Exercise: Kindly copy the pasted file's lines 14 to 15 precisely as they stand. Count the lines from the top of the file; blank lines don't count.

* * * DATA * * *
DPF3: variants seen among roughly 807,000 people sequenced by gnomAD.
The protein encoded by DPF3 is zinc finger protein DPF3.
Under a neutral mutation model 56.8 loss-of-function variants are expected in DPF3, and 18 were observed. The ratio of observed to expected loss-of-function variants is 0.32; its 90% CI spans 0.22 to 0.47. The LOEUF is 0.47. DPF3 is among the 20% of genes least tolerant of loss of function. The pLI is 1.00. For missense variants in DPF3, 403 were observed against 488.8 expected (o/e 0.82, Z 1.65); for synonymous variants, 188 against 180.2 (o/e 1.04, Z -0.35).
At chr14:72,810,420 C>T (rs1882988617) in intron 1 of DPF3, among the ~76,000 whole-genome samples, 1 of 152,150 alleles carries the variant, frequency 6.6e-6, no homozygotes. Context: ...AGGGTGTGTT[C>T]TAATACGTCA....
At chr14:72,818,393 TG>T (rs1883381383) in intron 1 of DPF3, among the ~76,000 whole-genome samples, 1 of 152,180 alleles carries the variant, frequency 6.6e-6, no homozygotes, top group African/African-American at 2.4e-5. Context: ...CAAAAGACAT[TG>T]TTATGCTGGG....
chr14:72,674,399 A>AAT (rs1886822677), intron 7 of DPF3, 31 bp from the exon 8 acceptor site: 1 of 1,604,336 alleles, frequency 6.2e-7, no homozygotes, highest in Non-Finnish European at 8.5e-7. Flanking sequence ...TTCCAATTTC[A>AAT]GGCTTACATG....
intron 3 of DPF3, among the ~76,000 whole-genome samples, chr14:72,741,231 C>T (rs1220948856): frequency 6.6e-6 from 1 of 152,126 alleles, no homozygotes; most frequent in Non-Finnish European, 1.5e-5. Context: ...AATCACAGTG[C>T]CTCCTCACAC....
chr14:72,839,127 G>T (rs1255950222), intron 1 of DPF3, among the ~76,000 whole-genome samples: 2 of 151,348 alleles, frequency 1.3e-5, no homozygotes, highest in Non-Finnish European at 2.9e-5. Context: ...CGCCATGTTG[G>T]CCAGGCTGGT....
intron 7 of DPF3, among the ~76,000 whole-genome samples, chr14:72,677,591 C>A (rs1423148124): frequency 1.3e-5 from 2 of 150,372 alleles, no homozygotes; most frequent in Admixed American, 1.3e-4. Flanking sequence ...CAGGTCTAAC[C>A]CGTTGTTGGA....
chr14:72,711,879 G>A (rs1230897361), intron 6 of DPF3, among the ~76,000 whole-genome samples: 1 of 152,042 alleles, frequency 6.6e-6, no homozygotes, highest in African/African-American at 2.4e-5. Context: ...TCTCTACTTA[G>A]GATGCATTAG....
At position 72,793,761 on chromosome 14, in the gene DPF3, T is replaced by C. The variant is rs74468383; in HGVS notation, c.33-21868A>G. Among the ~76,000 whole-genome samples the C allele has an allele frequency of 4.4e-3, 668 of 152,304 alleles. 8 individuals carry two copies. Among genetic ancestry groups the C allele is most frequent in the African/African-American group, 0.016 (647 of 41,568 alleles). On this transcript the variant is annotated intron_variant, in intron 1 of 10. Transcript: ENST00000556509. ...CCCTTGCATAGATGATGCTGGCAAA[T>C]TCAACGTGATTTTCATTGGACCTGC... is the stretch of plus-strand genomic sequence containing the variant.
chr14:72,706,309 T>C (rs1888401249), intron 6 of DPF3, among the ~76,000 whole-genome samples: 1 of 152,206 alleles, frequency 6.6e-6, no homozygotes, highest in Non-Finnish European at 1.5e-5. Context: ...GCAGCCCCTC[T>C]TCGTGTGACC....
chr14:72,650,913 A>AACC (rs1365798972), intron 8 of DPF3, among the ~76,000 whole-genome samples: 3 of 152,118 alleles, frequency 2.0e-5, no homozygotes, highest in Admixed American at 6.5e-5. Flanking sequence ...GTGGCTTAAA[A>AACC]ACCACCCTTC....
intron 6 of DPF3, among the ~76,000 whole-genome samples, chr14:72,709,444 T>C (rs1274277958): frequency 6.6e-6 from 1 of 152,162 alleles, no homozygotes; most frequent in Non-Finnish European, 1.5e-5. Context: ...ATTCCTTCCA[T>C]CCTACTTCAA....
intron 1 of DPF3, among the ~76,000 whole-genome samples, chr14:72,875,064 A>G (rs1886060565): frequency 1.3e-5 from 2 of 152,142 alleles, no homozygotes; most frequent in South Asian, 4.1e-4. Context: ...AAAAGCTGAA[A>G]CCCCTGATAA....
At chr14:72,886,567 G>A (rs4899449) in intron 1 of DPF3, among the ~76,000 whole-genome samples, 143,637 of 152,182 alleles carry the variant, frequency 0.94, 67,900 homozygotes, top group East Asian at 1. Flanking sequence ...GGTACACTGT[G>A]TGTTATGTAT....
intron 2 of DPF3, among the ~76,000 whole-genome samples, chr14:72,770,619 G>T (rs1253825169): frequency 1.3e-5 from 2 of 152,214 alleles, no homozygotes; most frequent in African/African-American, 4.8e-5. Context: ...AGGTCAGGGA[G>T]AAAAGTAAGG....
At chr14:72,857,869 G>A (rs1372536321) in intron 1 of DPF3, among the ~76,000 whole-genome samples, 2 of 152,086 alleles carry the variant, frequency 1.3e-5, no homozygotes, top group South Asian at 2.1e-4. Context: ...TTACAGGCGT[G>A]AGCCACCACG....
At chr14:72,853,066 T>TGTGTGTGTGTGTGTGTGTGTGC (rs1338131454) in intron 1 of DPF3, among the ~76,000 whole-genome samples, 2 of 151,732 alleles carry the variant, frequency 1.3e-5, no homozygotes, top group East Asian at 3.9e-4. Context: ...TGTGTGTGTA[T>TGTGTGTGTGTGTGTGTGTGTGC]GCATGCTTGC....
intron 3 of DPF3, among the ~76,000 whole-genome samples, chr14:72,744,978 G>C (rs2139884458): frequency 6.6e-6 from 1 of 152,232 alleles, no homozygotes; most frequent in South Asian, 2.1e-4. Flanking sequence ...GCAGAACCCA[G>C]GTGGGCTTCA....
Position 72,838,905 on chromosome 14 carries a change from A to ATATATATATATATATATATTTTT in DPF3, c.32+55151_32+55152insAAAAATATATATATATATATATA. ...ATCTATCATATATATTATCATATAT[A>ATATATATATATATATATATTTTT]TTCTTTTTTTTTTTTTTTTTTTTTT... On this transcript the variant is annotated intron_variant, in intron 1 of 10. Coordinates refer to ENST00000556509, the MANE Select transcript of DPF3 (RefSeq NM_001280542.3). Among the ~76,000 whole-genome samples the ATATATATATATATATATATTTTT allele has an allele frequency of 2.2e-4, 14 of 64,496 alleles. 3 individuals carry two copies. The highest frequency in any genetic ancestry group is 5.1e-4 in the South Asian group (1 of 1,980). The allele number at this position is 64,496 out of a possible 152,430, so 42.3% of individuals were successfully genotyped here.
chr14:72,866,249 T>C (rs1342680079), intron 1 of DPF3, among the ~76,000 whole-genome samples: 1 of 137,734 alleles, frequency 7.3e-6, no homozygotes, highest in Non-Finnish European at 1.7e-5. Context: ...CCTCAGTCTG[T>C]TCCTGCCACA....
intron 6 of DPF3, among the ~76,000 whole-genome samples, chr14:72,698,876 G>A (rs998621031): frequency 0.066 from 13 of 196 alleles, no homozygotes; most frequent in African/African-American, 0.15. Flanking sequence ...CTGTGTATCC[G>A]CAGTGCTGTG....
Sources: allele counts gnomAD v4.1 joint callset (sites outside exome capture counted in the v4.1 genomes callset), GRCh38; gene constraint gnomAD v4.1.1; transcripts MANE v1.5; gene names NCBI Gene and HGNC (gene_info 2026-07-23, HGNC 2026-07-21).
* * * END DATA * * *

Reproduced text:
intron 6 of DPF3, among the ~76,000 whole-genome samples, chr14:72,709,444 T>C (rs1274277958): frequency 6.6e-6 from 1 of 152,162 alleles, no homozygotes; most frequent in Non-Finnish European, 1.5e-5. Context: ...ATTCCTTCCA[T>C]CCTACTTCAA....
intron 1 of DPF3, among the ~76,000 whole-genome samples, chr14:72,875,064 A>G (rs1886060565): frequency 1.3e-5 from 2 of 152,142 alleles, no homozygotes; most frequent in South Asian, 4.1e-4. Context: ...AAAAGCTGAA[A>G]CCCCTGATAA....